The food and agriculture sectors constitute the bedrock for achieving food security and sovereignty, two goals that are among the priorities of the Cuban government and are directly linked to the implementation of the National Food Sovereignty and Nutrition Education Plan (SAN Plan) and the fulfilment of the goals agreed upon in the 2030 Agenda for Sustainable Development.

Despite the sizeable resources and efforts allocated by the Cuban State to this sector, the losses due to the blockade are evident. The humanitarian damage caused by the blockade cannot be measured.

Cuba’s claim is to be left to live in peace without the blockade, and to stop the persecution of its commercial and financial relations with the rest of the world.

The example of Cuba demonstrates that even with very limited resources and under a ferocious blockade, even for a small country like Cuba, it is possible to create a society based on human solidarity and social justice.

Thousands of Cuban health professionals in 57 Medical Brigades have contributed to the fight against the Covid-19 pandemic in more than 40 countries, including South Africa.

Those 57 Henry Reeve Cuban Medical Brigades joined more than 28 000 Cuban health professionals that were already providing their services in 59 nations before the pandemic.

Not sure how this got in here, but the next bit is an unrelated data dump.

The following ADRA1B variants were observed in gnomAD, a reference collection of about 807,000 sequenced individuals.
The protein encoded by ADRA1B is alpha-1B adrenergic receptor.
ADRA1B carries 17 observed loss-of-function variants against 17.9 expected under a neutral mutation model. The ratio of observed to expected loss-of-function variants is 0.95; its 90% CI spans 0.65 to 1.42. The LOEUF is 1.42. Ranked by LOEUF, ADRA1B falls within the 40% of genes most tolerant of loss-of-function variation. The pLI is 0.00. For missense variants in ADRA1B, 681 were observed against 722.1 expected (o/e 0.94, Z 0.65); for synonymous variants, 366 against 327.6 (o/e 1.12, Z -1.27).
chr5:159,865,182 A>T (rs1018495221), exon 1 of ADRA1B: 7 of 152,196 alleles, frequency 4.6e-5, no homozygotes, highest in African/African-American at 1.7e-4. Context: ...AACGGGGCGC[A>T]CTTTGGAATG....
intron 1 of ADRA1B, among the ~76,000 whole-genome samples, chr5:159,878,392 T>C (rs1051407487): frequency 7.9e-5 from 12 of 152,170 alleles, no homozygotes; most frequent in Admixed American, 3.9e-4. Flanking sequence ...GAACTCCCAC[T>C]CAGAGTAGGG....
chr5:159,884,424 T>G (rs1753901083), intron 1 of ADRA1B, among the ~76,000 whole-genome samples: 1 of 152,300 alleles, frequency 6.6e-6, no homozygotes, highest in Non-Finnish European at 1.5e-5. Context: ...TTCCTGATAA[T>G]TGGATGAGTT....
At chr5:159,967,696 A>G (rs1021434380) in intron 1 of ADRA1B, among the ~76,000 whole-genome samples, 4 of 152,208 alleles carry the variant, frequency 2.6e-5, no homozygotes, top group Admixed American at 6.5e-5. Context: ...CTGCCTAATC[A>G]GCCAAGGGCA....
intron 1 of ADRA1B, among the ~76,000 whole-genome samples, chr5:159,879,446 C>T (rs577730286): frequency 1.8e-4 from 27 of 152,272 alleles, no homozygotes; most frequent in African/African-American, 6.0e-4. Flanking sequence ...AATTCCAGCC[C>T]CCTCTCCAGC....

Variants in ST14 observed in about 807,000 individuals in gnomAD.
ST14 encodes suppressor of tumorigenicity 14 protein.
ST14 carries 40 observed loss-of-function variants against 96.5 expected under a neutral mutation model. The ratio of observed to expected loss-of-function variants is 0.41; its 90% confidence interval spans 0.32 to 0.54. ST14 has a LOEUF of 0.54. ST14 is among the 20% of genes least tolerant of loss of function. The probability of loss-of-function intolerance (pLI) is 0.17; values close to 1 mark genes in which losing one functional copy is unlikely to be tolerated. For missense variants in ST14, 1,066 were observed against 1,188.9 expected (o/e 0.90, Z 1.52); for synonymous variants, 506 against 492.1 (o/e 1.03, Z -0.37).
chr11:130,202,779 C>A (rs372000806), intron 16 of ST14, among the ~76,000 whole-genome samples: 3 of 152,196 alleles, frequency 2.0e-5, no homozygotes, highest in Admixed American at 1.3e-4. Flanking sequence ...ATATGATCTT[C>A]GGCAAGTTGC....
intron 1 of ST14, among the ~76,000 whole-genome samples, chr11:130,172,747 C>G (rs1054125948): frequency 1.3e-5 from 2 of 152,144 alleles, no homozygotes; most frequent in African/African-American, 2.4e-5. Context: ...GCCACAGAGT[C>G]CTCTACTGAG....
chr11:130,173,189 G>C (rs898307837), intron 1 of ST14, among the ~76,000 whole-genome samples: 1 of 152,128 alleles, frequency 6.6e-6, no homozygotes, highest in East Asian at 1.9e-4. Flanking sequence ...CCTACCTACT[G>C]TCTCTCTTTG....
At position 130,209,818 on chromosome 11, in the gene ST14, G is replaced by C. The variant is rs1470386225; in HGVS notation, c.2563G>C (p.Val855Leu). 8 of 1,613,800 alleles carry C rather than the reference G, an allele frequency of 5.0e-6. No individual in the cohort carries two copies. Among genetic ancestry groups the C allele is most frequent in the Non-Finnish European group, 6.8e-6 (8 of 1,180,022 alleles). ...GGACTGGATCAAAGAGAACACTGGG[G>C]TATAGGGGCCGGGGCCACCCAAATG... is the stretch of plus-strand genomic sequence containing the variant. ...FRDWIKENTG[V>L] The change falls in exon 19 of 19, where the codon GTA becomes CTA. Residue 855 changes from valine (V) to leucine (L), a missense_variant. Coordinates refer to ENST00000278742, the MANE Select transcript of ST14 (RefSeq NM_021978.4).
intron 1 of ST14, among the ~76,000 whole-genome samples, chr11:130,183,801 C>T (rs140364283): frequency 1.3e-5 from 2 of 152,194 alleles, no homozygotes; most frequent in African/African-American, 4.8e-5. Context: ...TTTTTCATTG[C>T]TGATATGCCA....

Despite the challenges, we are encouraged by the support of millions of people around the world who have come together to demand that the US government end the blockade.

We deeply appreciate the solidarity of the friends of Cuba in various latitudes, including in South Africa.

Cuba will never regret having given their son´s blood in direct contribution to the liberation Struggles in Africa and the confrontation with Apartheid.

We were paying a historic debt to our ancestors because Africa is part of the very essence of our nation, and we Cubans feel extremely proud of our African roots. South Africa will always hold a special place in our hearts. We treasure the strong and sustained solidarity of the South African people and government with the Cuban Revolution.

We respect the right of others to develop their own system. With the same energy, we demand our right that the system chosen by the vast majority of the Cuban people be respected.

It may be not perfect but has more than demonstrated its advantages, even in the most difficult conditions. The noble and hard-working Cuban people bravely resist challenges every day and move forward.

Despite the blockade and hostility, Cuba will continue to advance in the construction of an independent, sovereign, socialist, democratic, prosperous and sustainable nation.

Nothing and no one will be able to prevent Cubans from making their own decisions and following the freely chosen path. Allow me to make our own the words of Nelson Mandela when he said: "We also want to be masters of our own destiny".

We, Cubans, know that the challenges to be faced are great, but our will to overcome them is even greater.

González is the Cuban Ambassador to South Africa

Cape Times